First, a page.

PYRAMID POWER – snippet 47:
“So what are we going to do?” asked Lamont, after the Norns left.
Liz shrugged. “A thousand of those types I met in that gin-palace-stag-party would be a bit much to handle, head on. So. Odin expects these chicks in hoods and drape-in-the-soup-sleeved outfits. We’re going to oblige him. He was expecting them to demand an eye, and was planning to give them one of Jerry’s. Let’s push the boat out. We’ll demand a sacrifice. These guys will drink mead made of someone’s blood from what you were telling me. It’s obviously lurking in their culture. So: we insist on Jerry being thrown into the well. It’s more like a cenote than a well—there is a nice big lip and the water is pretty dark. I’ll be waiting in the well, with one of those hollow reeds as a snorkel. We’ll claim Jerry, give Odin his water, and let him go.”
“It could be a good plan, except for a couple of details,” said Lamont.
“Oh? Like what?”
“Like the outfits.”
Liz started to swear, bit it off, suddenly realizing the age of her audience. “Sort out the reeds. We’ll need at least two. I’ll go after them.”
She set off at a rapid pace after Loki and Sigyn and the three Norns. She found them a few hundred yards down the trail, with the Norns coming out from behind a large rock, dressed in more typical Norse-mythworld women’s clothing, each with their hooded garments in their hands. Now that you could see them, Urd was a tiny wrinkled crone, Verdani a woman with experience-lines around her fine eyes. And Skuld was jailbait. Pouting jailbait. They held out their hooded clothes.
Liz was startled into pausing. “How did you know…?”
“We know,” said Skuld loftily. Somehow she managed to look down her nose at Liz, which was quite a feat, because she was tiny.
Liz took a deep breath. “All right. Different rules for different places. I don’t suppose you’d like tell me what is going to happen?”
“No,” said Urd. She prodded Loki with her stick. “Let’s go, Son of Laufey.”
Loki held up his hands and shrugged. “They never tell you anything unless it is to make your life a misery, anyway, Liz.”
“Get on with you, Son of Laufey,” said Verdani. “The one-eyed wanderer comes into my provence.”
“We’d better move then, Liz. Odin is nearly here. You’d better get back.”
So Liz hastened back to the rest of the party, inspecting the hooded outfits as she jogged, and realizing that she had a problem.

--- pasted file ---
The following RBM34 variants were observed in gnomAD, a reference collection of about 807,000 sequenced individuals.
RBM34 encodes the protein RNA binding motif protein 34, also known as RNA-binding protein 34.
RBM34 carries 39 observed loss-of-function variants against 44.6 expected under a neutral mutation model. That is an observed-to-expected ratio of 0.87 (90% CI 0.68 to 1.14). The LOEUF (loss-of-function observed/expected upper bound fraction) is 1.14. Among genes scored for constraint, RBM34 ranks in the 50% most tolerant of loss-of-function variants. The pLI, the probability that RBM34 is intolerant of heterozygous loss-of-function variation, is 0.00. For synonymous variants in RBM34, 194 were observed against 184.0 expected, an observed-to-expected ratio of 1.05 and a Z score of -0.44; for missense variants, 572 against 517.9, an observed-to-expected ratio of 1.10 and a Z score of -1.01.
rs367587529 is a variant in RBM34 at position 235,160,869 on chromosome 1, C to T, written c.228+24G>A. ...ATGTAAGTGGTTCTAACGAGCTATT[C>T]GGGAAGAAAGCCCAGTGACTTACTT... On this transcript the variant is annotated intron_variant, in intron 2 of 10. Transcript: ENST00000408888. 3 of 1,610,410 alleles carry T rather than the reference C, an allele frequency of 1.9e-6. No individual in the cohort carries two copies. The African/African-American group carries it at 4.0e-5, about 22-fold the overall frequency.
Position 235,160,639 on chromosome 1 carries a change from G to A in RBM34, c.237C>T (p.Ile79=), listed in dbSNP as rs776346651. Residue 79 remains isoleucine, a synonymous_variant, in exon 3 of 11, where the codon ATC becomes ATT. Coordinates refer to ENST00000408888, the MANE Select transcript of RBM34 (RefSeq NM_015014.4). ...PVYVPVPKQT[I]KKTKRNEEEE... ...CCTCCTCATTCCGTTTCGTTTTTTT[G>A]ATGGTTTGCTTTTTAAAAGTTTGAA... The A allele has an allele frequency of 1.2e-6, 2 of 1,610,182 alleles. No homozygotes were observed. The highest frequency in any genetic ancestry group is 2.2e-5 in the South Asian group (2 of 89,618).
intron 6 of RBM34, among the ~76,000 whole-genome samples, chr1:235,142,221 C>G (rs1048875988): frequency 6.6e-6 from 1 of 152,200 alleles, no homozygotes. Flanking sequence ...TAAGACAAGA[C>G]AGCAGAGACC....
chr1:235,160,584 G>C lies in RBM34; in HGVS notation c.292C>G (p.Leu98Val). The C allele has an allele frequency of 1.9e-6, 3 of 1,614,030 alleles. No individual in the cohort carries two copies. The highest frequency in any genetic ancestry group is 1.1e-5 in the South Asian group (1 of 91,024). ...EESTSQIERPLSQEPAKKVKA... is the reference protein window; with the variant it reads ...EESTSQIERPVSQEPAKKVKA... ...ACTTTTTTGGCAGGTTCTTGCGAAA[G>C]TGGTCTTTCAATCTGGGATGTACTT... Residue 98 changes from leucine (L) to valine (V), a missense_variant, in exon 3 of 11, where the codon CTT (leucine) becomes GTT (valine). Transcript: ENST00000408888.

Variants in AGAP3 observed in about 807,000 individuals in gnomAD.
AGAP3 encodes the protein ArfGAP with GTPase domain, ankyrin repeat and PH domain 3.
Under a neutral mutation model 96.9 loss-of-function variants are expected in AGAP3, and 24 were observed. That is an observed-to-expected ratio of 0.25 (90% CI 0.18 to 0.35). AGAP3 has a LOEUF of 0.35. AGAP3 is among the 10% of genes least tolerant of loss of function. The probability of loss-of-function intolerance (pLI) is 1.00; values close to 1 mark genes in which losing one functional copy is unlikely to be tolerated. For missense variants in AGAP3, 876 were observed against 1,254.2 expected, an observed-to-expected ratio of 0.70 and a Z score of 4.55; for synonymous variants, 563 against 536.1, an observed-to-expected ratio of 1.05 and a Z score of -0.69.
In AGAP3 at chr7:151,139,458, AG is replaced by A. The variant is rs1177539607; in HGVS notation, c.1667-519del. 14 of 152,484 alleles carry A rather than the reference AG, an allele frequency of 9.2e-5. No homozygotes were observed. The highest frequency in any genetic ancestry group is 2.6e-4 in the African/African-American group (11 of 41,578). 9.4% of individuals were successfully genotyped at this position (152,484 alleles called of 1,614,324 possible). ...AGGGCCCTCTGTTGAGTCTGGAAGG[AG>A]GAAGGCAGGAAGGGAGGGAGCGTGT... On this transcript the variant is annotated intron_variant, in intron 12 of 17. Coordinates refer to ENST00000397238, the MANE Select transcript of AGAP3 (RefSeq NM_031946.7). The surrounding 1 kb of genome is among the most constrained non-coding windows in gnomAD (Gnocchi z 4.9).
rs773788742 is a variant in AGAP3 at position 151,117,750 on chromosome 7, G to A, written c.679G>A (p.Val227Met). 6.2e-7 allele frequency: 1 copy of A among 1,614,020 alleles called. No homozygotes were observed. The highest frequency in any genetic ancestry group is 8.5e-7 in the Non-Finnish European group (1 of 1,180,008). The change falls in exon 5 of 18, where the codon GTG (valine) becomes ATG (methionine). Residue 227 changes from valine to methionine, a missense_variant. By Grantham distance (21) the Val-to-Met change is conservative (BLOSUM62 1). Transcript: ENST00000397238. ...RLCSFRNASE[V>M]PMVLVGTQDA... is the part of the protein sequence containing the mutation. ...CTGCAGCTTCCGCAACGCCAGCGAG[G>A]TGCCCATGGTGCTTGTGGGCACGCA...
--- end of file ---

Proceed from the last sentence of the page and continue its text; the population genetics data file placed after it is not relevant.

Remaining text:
The Norns were small. There was no way that most adults would fit in those outfits. Thrúd, or her… or Lamont weren’t going to get into them with a shoehorn. Thor was not either, not even if they sewed all three outfits together. Besides the Norns had said something about Odin detecting another power—and Thor and Thrúd were powers, too. They’d better back off.
She arrived back at the waiting group next to the well.
“Where is Verdani’s provence?” she panted.
“The present,” said Thrúd.
“Ah,” said Liz, as the situation became clearer to her. “Look, Odin must nearly be here. And we have a problem. These outfits are way too small for any of the adults. Or even for Emmitt.”
“I’ll do it,” said Ella. She pointed to Ty and Tolly, involved in one of their games that involved a lot of giggling and dodging. “You two! Dress! It’s time you did something useful.”
“But…” said Lamont.
“Somebody has to do it, Daddy,” said Ella. Now that she had communication real or imagined, with her twin, and some shred of hope for her mother, the girl was beginning to come out of the shell that she’d constructed for herself. She’d taken to following Thrúd around. It had had an effect, not, by the look on Lamont Jackson’s face, one he was altogether pleased with. Besides, Liz remembered, Marie had said that both girls flew at anything that vaguely smacked of acting.
“We’ll be in the water, Lamont. Right next to them.”
“Me too,” said Thor.
Liz shook her head. “Kids, scramble into these.” She held out the clothes. “Thor, the Norns said that Odin would know if Loki was here. I think the same probably applies to you. And to Thrúd. So I’ll need you to back off, with Emmitt. Up there somewhere? If we have trouble… well, you could throw a thunderbolt or two. Give us a chance to try to get the kids out.”
Thor folded his arms. “I do not flee from a fight.”
“Thor, we don’t want this to be a fight! That’s the whole point. Please?”
“It’s the right thing, Papa,” said Thrúd. “And I can hear the sound of hooves.”
Reluctantly, Thor unbuckled his belt of strength and handed it to Lamont. “Take this. A mortal cannot long survive in a fight with the Ás, but it may give you the strength you need to flee Odin with the children.”
Lamont put around his waist. “I’m honored, Thor.”
“And I wish it was me,” said Emmitt, enviously.
“One day,” said Thor, putting a hand on the boy’s shoulders.
Liz handed Thrúd her bag. “In a pinch, hit someone with it. And we’ll need those reeds.”
“Fortunately we all cut some,” said Thrúd, handing her a bunch of hollow reed stalks in exchange.
“You’re stars.” Liz smiled, relaxing now that action was finally at hand. She knew you were supposed to get tense, but not doing something had been very hard. “We’d better get rid of some of these clothes,” she said to Lamont. “And I hope you can swim.”
“I hope so too,” said Lamont with a smile, patting Thor’s belt. “Otherwise I’ll be a strong drowner.”
Liz stepped out of her green skirt. “It’s close enough to the color of the water. I’ll take it with us. It’ll do to hide behind.”
“Good thing that Thor has left,” said Lamont. “I hate to think what he’d say about a man hiding behind a woman’s skirts, especially when they were wearing his belt of strength.”